Now Reading
Tell, don't ask: Simple change in 911 procedure saving lives
local

From the archive: This story is more than 10 years old.

Tell, don't ask: Simple change in 911 procedure saving lives

  • Instruction by dispatchers can significantly increase the likelihood that a bystander will perform CPR in the minutes before paramedics arrive, which can significantly increase a victim’s chances of surviving cardiac arrest.
    Mesa Police Dep'tInstruction by dispatchers can significantly increase the likelihood that a bystander will perform CPR in the minutes before paramedics arrive, which can significantly increase a victim’s chances of surviving cardiac arrest.
  • Since last year, the Mesa Police Department has required that 911 dispatchers tell callers to perform hands-only CPR on some cardiac arrest victims and to walk them through the process. The change is believed to have already saved lives.
    Mesa Police Dep'tSince last year, the Mesa Police Department has required that 911 dispatchers tell callers to perform hands-only CPR on some cardiac arrest victims and to walk them through the process. The change is believed to have already saved lives.

Longtime Mesa 911 operator LeAnn McLaws was skeptical at first.

After 17 years of asking callers if they wanted to start giving CPR to a cardiac arrest victim, the department told her and others last fall to stop asking and begin telling: “I need you to start CPR.”

“They’re very excited, they’re wanting help and you have to bring their focus to it,” McLaws said of the process of walking callers through CPR. “We are assertive … and have a calm voice and say, ‘This is what you’re doing,’ and not give them the option.”

That seemingly simple change saved 13 lives from November to January in Mesa alone, according to the Arizona Department of Health Services, and McLaws is now a believer.

So are state health officials, who hope to spread “dispatch-assisted” CPR program statewide from a handful of departments, like Mesa, that are doing it now.

Under the program, dispatchers are trained to more quickly get a caller administering “hands-only” CPR, where appropriate, and to walk them through the process.

Unlike traditional CPR, in which chest compressions alternate with breathing into the patient’s nose and mouth, hands-only CPR just involves rapid pushing on the chest only. It is easier for bystanders to perform, and it keeps blood flowing for the five to eight minutes that it can take for paramedics to arrive.

The survival rate for cardiac arrest cases drops 10 percent for every minute that the victim goes without treatment, according to the state health department, which said an average of 15 people a day go into cardiac arrest in Arizona.

Dr. Ben Bobrow, the medical director for the health department’s Bureau of Emergency Medical Services and Trauma System, played a big role in the creation of the new program in Arizona. State health director Will Humble said Bobrow brought him the idea for the program last year.

“It’s promoting bystander CPR in the community,” Bobrow said. “And working with dispatchers so that they can give callers real-time CPR instructions over the phone.”

The health department began inviting dispatchers from around the state to training conferences last year. Shirley Dunlap, a spokeswoman and longtime Phoenix Fire Department dispatcher, has been a supporter of the new procedure since she was trained in it last year.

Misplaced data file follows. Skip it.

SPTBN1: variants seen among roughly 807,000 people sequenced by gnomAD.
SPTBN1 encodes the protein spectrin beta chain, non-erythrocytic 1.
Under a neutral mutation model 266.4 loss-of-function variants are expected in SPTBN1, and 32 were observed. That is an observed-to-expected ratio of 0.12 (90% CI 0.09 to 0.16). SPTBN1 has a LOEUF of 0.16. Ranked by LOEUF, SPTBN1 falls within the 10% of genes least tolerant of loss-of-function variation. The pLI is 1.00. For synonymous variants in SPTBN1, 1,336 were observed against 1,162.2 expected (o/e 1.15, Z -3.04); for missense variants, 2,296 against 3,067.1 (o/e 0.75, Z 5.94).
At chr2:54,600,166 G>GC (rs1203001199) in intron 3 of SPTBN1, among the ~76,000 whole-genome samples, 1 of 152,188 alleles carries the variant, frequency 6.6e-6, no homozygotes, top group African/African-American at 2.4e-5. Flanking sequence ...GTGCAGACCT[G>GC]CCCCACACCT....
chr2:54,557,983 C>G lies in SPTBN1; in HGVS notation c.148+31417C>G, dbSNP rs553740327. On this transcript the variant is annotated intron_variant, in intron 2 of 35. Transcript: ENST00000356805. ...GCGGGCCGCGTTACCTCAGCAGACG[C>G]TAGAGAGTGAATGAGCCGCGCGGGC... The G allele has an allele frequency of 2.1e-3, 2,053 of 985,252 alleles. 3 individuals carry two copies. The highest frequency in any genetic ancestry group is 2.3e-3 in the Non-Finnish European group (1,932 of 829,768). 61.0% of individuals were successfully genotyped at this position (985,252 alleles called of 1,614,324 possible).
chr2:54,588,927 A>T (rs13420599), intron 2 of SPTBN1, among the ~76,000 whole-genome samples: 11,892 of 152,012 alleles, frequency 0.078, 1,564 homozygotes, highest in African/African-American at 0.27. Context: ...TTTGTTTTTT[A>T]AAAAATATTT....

“I couldn’t support it more,” Dunlap said. “People are now walking out of the hospital on their own. We bring them in the back and they walk out the front.”

Although keeping callers calm and on the phone has always been part of McLaws’ job, directing a reluctant and scared caller to perform CPR can be difficult.

The switch from traditional CPR to hands-only made it easier for both the caller and the dispatcher, McLaws said, because even people who are nervous are “more apt to do it, rather than finding their pulse and doing the breath” as they would with traditional CPR.

In addition to the change in dispatch protocol, the program asks dispatch centers to keep data on the survival rate of cardiac arrest cases. Officials said the records are an important part of the program because they point to the success of the new method.

Bobrow said he is continuing his outreach and hopes that the lives saved will encourage those departments that have not joined to do so.

“It’s definitely on-going. There are dozens of dispatch centers and many different people to reach and work with,” Bobrow said. “We’re hoping that early success … will help others move along.”

Video

Hearts by the numbers

  • As many as 70 percent of Americans do not know how to or do not feel comfortable performing CPR in an emergency situation, according to the American Heart Association.
  • It says that four out of five cardiac arrests happen at home.
  • Immediate bystander CPR greatly increases the likelihood of survival for cardiac-arrest victims, yet only a third receive it, according to the AHA.
  • Survival rates increased from 5 percent for victims without CPR to 11 percent for those who got immediate hands-only CPR, according to the University of Arizona Sarver Heart Center.
  • The Arizona Department of Health Services estimates that as many as 660 people a year could be saved by dispatch-assisted hands-only CPR if it was used statewide.
  • The association has a video that teaches hands-only CPR (above).

Read more about

cpr, will humble

— 30 —

Top headlines

Best in Internet Exploder